Kenya and Uganda are scrambling to evacuate their citizens from Sudan as the ongoing fighting between the Sudanese army and paramilitary groups enters its second week.
The unrest has left many people stranded in the country, including students, business people, diplomats, and pilgrims en route to Saudi Arabia.
To that effect, The two East African nations are conducting coordinated evacuation operations to bring their citizens back home safely.
Kenya’s Foreign Affairs minister, Dr. Alfred Mutua, revealed that the government expects to evacuate up to 400 citizens via air and land through four countries, including Ethiopia.
Moreover, Dr. Mutua expressed gratitude to South Sudan, Egypt, Ethiopia, and Saudi Arabia for allowing Kenyan planes to overfly their airspaces.
According to reports, the Kenyan rescue operation involves three active evacuation programs, with the first program already facilitating the return of 29 students who crossed the border to Ethiopia by road.
The students are on their way to Gondor, from where they will fly to Addis Ababa and then to Nairobi.
subsequently, the second program involves an airlift of another group of 18 students traveling by road to the South Sudan border via a Kenya Air Force aircraft.
Under the third plan, a large group of Kenyans on a “well-planned program of travel” will fly from Port Sudan to Jeddah in two aircraft and then travel to Nairobi via Kenya Airways.
Most of the stranded Kenyans are students in Khartoum, reflecting Sudan’s recent position as a higher learning destination for many from East African nations.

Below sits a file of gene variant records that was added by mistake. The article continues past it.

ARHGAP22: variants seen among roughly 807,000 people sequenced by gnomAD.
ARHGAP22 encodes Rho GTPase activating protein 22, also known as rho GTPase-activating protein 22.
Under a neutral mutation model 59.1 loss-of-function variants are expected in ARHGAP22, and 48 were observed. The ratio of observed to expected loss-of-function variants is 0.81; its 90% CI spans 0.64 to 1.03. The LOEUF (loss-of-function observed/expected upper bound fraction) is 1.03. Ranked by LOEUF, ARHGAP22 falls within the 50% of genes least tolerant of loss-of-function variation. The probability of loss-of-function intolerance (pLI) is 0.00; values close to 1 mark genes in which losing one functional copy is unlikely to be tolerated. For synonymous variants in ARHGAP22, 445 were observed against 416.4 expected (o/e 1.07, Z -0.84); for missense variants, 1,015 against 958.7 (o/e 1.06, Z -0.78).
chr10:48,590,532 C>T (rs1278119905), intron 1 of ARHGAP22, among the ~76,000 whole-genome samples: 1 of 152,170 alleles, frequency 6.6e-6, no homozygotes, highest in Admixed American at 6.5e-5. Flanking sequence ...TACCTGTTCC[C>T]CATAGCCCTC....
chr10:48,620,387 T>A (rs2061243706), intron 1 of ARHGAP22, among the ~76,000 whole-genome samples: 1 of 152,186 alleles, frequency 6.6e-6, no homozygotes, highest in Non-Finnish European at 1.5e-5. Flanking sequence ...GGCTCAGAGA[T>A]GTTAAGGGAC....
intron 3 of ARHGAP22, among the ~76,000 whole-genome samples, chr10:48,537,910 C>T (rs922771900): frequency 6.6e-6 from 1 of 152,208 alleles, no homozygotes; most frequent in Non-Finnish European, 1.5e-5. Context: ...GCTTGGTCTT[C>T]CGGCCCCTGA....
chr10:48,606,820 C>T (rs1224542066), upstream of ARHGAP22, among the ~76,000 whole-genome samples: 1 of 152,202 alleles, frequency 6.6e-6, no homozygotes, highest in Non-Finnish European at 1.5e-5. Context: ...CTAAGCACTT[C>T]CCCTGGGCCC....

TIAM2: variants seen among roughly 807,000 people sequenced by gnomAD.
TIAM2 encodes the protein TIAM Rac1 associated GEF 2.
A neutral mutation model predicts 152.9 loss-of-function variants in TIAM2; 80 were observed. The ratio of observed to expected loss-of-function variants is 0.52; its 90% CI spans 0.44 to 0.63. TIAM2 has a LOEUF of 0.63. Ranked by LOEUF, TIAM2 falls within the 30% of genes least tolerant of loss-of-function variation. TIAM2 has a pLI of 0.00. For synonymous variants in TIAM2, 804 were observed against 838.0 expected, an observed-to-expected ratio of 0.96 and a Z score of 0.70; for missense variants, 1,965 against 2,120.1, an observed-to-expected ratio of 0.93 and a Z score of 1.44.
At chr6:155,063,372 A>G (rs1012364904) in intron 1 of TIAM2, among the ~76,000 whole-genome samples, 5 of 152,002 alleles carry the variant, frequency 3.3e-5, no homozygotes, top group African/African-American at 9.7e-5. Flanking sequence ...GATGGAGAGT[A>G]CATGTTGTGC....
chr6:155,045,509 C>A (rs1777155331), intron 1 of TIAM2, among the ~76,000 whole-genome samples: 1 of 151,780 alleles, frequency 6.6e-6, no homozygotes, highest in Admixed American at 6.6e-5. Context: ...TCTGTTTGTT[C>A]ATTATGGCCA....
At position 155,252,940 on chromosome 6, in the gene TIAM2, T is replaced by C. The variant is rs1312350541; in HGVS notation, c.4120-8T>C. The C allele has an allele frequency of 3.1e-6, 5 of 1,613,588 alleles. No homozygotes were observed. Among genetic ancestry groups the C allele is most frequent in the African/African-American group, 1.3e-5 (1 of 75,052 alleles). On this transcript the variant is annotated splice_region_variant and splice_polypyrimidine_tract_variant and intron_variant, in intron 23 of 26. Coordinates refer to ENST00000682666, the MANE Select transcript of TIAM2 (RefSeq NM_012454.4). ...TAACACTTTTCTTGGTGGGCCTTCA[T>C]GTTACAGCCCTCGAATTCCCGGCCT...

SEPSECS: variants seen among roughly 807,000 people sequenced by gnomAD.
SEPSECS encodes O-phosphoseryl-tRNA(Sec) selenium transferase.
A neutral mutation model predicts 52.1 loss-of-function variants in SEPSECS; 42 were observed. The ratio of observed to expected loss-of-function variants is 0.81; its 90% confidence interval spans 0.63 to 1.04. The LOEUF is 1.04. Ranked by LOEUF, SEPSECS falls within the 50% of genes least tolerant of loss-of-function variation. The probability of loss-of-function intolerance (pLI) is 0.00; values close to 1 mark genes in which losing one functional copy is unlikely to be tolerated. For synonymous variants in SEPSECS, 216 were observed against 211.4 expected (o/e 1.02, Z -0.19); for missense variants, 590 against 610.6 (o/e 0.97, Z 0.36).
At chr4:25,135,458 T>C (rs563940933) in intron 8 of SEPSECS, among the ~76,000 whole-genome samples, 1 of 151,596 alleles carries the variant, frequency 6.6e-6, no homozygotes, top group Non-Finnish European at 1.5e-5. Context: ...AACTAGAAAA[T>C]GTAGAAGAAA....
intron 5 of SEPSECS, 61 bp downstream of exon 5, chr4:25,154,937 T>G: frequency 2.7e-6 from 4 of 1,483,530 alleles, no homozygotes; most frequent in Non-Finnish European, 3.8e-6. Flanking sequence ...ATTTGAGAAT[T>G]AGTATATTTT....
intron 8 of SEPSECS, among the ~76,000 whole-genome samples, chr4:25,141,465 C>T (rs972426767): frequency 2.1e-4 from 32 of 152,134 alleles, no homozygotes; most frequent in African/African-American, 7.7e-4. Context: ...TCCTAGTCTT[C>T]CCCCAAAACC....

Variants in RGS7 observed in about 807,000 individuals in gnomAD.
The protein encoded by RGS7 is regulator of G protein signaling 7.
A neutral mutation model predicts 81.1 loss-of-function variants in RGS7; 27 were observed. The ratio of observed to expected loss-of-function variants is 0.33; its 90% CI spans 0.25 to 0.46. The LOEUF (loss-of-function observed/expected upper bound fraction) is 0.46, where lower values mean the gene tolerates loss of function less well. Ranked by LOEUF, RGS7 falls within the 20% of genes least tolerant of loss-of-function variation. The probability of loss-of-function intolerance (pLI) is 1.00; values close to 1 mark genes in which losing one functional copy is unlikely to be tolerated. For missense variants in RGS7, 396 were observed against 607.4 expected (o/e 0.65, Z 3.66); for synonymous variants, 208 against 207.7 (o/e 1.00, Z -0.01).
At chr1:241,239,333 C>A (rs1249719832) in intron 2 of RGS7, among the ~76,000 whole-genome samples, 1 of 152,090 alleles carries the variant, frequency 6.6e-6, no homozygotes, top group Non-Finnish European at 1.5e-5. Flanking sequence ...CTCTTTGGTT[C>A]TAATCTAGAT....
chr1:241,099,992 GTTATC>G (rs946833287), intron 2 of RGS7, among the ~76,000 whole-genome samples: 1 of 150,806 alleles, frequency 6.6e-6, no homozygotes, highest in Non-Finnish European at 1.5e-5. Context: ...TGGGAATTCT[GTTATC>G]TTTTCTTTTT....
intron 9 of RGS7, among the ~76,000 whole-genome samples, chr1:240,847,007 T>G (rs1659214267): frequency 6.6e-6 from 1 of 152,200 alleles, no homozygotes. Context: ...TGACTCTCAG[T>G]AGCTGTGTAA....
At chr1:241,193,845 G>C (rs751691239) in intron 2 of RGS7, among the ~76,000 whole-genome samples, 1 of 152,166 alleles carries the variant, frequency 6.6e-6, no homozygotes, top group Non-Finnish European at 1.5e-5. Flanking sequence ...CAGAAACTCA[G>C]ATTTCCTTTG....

On the other hand, Uganda’s evacuation operation includes hiring six long-haul buses to transport the 300 evacuees, including diplomats, business people, students, and Hajj pilgrims across the Ethiopian border from where they will take a flight to Entebbe.
Uganda’s envoy to Khartoum, Ambassador Rashid Ssemuddu, confirmed the embassy’s efforts to evacuate its citizens.
The ongoing violence in Sudan has raised concerns about the safety of foreign nationals in the country. The East African nations’ swift action to evacuate their citizens is a testament to their commitment to protecting their citizens’ lives and well-being.
It also underscores the importance of regional cooperation in times of crisis. The cooperation between Kenya and Uganda in conducting their evacuation operations shows that working together can achieve better outcomes and enhance the effectiveness of disaster response efforts.
In conclusion, the evacuation of Kenyan and Ugandan citizens from Sudan is a critical operation that requires close coordination and cooperation between the two countries.
As the situation in Sudan remains volatile, the governments of Kenya and Uganda must continue to work together to ensure the safe return of their citizens.
Thus, the successful completion of these evacuation programs will be a demonstration of the commitment of the East African nations to protect their citizens and promote regional cooperation.